It’s transparently obvious that in order to minimize damage to Herald the company threw these people overboard. Their having to rehire the fired employees afterward indicates that they botched the whole thing. Anybody that doesn’t see that (lmh) as a clear sign that it was a big mistake is clearly an idiot with an axe to grind. Not only that, the Herald tried to throw the shit around so others would be smeared. Talk show hosts and syndicated columnists whose standard for objectivity is vastly different than straight news reporters were implicated in a shielding action. A sports reporter lost his job despite the fact that there’s no apparent conflict of interest. Did he lie about the score of the Yankees game?

    As far as mainstream journos who were doing the same thing I posted about it at the time at herald watch, it was a New York Sun news report that investigated that angle:

    Link to post

    One of the journalists implicated by the Sun’s report was the Hartford Courant’s Washington Bureau Chief, David Lightman, who was doing work for VOA. As a result of the Marti scandal the Courant asked him to stop his moonlighting and announced this development in their pages but at the same time they were quite positive about the “independent mindset to his work”.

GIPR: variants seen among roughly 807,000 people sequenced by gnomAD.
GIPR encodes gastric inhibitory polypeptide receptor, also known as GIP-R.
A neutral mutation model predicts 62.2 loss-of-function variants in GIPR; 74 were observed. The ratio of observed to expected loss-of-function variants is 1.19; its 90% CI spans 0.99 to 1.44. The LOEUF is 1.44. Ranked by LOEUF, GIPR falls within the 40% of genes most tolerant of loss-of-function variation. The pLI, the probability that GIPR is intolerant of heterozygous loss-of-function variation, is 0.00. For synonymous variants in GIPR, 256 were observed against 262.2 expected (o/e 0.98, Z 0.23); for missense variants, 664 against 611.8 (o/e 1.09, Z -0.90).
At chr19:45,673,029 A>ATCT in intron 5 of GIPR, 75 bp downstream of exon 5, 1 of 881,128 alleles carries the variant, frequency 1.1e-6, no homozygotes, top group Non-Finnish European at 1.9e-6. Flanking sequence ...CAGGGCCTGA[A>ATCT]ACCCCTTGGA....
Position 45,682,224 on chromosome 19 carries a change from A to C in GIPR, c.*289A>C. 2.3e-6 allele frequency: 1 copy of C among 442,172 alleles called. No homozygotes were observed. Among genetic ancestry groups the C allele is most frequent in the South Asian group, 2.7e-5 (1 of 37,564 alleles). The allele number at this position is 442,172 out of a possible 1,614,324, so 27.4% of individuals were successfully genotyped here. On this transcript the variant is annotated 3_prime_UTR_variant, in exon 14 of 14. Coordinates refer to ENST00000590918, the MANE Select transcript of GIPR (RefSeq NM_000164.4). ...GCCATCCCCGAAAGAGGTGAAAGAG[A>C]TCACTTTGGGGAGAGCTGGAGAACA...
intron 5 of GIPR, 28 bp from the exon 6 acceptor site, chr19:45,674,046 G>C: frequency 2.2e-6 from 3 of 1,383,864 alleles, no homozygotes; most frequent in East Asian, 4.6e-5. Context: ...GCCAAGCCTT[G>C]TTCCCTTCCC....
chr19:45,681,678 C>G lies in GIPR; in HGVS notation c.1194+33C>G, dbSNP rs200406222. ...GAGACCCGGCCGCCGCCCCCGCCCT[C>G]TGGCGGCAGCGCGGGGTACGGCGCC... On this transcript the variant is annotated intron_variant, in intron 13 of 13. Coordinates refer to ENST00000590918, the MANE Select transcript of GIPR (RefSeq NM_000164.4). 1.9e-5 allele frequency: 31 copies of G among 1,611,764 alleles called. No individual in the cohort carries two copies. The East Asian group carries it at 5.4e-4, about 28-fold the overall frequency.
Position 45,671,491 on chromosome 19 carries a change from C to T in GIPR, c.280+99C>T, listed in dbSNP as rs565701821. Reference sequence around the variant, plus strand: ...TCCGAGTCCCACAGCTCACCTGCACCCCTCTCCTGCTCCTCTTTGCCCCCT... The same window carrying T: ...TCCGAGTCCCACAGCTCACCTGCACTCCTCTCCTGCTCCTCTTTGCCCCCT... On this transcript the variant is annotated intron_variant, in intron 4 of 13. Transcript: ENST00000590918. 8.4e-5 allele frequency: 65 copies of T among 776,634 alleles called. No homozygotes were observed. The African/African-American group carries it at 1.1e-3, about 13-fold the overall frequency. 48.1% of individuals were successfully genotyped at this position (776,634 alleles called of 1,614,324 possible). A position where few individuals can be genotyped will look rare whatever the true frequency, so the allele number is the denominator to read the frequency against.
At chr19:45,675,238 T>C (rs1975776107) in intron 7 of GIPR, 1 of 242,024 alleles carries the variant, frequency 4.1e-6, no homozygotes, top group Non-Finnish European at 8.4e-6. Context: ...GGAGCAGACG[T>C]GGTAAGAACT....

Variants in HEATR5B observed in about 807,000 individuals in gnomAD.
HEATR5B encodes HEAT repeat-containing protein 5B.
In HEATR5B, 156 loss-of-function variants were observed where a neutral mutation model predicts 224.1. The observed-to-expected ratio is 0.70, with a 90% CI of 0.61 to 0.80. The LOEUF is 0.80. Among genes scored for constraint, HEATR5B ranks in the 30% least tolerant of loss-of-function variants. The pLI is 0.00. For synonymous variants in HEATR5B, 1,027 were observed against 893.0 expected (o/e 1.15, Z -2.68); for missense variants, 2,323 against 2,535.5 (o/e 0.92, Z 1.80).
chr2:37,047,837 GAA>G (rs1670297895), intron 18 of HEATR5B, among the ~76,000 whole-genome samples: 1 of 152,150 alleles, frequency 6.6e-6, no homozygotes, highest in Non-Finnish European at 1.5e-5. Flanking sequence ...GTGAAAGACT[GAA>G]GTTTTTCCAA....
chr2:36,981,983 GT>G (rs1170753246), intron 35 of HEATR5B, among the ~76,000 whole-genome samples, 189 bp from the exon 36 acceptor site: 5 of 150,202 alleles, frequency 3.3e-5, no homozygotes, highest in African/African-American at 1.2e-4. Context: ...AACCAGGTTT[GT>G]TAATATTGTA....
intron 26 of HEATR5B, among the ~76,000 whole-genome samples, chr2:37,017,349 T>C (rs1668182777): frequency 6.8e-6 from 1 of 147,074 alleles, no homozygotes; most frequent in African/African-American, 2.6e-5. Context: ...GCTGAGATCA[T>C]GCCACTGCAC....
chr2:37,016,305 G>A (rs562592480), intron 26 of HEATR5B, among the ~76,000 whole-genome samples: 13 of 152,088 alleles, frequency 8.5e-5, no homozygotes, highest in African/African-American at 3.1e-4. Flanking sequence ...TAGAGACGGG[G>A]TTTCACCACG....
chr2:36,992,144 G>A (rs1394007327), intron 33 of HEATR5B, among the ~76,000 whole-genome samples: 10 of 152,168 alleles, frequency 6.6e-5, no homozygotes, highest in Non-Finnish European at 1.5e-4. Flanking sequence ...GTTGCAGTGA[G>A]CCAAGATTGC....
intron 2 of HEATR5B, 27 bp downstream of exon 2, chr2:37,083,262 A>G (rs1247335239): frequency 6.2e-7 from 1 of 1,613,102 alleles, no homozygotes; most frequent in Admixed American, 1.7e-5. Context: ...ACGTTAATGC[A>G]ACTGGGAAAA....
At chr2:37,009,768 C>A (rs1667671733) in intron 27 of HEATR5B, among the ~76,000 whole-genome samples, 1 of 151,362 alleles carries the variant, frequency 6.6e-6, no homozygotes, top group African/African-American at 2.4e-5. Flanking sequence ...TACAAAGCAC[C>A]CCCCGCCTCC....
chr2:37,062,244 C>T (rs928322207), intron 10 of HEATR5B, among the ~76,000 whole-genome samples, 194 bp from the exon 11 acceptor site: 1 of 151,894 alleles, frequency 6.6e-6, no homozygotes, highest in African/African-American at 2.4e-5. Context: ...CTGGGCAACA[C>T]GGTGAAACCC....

Why couldn’t the herald have done a complete investigation and said, “we’ve discovered that some of our employees have been working for radio marti in apparent contradiction of our policies but they had been authorized by a previous editor so we are asking them to stop. We don’t believe this influenced their reporting but in order to prevent even the appearance of a conflict of interest we are going to clearly articulate a zero tolerance policy for government moonlighting.”???????

    That would have been 100% accurate, 100% reasonable, and 100% commendable. Instead the Publisher and Executive editor had to fall on their swords because they they were more concerned with appearances than facts. Also the incident resulted in more than 1000 subscribers cancelling their subscription to an already dying paper. But lmh thinks corral should get a pulitzer. I say put him back on the exile beat, the herald will be out of business in 12 months.

  65. lmh    Thu Aug 2, 10:01 AM #  

    I’ll be looking forward to your comments in 12 months. See you August 1st 2008